But I no longer think that “tamper-proof, encrypted communication channel” is the headline. I’m more excited about “transport-independent” and “whoever controls a DID.”

About the same time that I was wrestling with Signal on my new phone, I was also observing a W3C effort to curate a list of pivotal use cases for DIDs. Two of my friends suggested that DIDComm ought to be featured there, and submitted PRs (1, 2). The document editors quite sensibly pushed back. In essence, they said: “Yes, we can do secure communication with DIDs. We’re glad. But secure communication is a solved problem. Have you ever heard of Signal or WhatsApp or iMessage or Matrix? How about TLS that encrypts traffic to and from every website on the planet? How about SSH, for Pete’s sake? A safe channel is table stakes; it hardly provides a raison d’etre to showcase what makes DIDs special.”

It was hard to argue with that logic. And yet my friend Nader, who submitted the second of these PRs, had a feeling that something was missing from this analysis. What, exactly? We discussed it in the DIDComm working group, and in the W3C github repo. Examples were proposed and critiqued and abandoned. Eventually clarity emerged — and this is the epiphany that made me slap my forehead:

DIDs make a trust context portable. Sure, without DIDs, secure communication is still pretty cheap and easy to come by. But it’s also siloed — owned by whoever provides the channel, not by you.

Portable (= Self-Sovereign) Security

To understand what this means, go back to my experience with Signal. Signal certainly provides secure communication. It also boasts a protocol that’s open and widely supported; I believe WhatsApp and Skype and Facebook Messenger all have implementations. But these Signal-based technologies silo their users; a WhatsApp user can’t send a Signal user a message. You can’t use your Signal security in your email client. You can’t transfer your Signal reputation and connections from one phone number to another.

Another way to say this might be:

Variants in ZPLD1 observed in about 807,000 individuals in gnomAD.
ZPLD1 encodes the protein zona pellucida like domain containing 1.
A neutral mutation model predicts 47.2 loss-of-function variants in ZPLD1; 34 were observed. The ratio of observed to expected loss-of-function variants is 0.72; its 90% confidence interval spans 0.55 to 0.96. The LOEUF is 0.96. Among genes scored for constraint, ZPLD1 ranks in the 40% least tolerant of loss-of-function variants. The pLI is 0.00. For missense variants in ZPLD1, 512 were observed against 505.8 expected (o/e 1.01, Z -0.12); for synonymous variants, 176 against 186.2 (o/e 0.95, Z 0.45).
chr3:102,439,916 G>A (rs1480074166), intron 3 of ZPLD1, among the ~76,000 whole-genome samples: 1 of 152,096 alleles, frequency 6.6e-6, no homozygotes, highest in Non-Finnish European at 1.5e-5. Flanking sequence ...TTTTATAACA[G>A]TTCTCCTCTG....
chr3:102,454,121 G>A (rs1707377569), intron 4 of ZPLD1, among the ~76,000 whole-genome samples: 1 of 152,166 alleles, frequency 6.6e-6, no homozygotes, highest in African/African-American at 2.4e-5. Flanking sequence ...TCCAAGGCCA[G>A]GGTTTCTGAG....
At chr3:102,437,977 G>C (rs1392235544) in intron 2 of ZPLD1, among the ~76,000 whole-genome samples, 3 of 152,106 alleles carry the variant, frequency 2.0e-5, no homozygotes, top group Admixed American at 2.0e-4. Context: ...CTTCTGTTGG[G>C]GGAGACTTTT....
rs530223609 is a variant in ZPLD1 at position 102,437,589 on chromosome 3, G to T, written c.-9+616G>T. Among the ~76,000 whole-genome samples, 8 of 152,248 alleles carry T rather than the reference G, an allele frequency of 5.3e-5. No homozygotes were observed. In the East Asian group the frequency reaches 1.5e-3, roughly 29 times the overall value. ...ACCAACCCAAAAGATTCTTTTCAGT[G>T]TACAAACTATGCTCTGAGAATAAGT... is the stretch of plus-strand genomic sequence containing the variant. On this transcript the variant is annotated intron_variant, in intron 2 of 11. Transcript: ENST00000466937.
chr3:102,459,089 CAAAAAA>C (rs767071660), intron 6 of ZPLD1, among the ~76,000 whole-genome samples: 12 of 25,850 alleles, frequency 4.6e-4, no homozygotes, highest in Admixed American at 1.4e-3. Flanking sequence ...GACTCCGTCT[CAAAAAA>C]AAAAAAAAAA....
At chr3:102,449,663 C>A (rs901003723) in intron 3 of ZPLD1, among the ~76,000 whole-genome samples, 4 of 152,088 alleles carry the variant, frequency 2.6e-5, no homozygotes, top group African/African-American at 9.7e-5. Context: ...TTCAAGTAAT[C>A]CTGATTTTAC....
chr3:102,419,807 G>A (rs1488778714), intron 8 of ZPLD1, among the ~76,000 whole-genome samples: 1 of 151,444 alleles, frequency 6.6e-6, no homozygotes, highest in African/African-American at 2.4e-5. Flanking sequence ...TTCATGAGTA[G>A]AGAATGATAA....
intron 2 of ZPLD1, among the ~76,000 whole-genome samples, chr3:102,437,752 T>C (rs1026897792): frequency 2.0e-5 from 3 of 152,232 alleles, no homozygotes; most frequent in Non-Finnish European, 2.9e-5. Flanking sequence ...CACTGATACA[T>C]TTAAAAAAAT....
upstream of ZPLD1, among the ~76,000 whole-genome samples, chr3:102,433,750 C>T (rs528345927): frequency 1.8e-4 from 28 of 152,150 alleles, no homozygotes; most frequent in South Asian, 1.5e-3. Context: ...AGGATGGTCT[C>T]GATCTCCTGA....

DIDs provide self-sovereign security. Existing solutions don’t.

(SSH keys do have some characteristics that could be used to build self-sovereign security. However, they lack a standard for verifiable metadata, as well as some privacy and security features of DIDs. That’s a whole ‘nuther story.)

Suppose I start a conversation with Alice on Signal. What I wish I could do is switch the phone number Signal knows me by, but not Alice’s perception of the secure and private pipe we share. That is, I’d like vendors to provide transports and form factors, but let me bring (and take away!) my own trust context.

I’d like to switch to WhatsApp or iMessage or a COVID contact tracing app, or some new app that hasn’t been invented yet, or just plain email, without any backchannel coordination— and have Alice and me both still recognize each other as the same parties, and apply the same trust that we built in the original home of our interactions. I’d like to reply to one of Alice’s tweets, and have her know it’s me even if she’s never seen my Twitter handle. I’d like Alice to go to my website and be able to login without creating a new account on the server, because she and I already “know” each other. When Alice and I meet at a conference, I’d like to embed a private joke to her as a QR code on my presentation slides. If the Internet is down, I’d like to chat with her over a mesh-networked BLE tool like Briar. I’d like to send Alice a thumb drive by snail mail; when Alice inspects the encrypted files, I want her to be able to verify that they came from me, and decrypt them using the same keys and algorithms that are already protecting our interactions elsewhere.

And oh by the way — I want to do this with all my contacts, not just Alice. And I want to do it without paying a company for the privilege, without accepting obnoxious terms and conditions, without having to be a technogeek, without running afoul of government regulations, and in a way that no other entity on the face of the planet can correlate the two of us by the identifiers we’re using.

That would be self-sovereign security.

That is what DIDs and DIDComm offer. Really.

And I think that’s a pretty big deal. Can you see why I’m excited?

software architect / identity and cybersecurity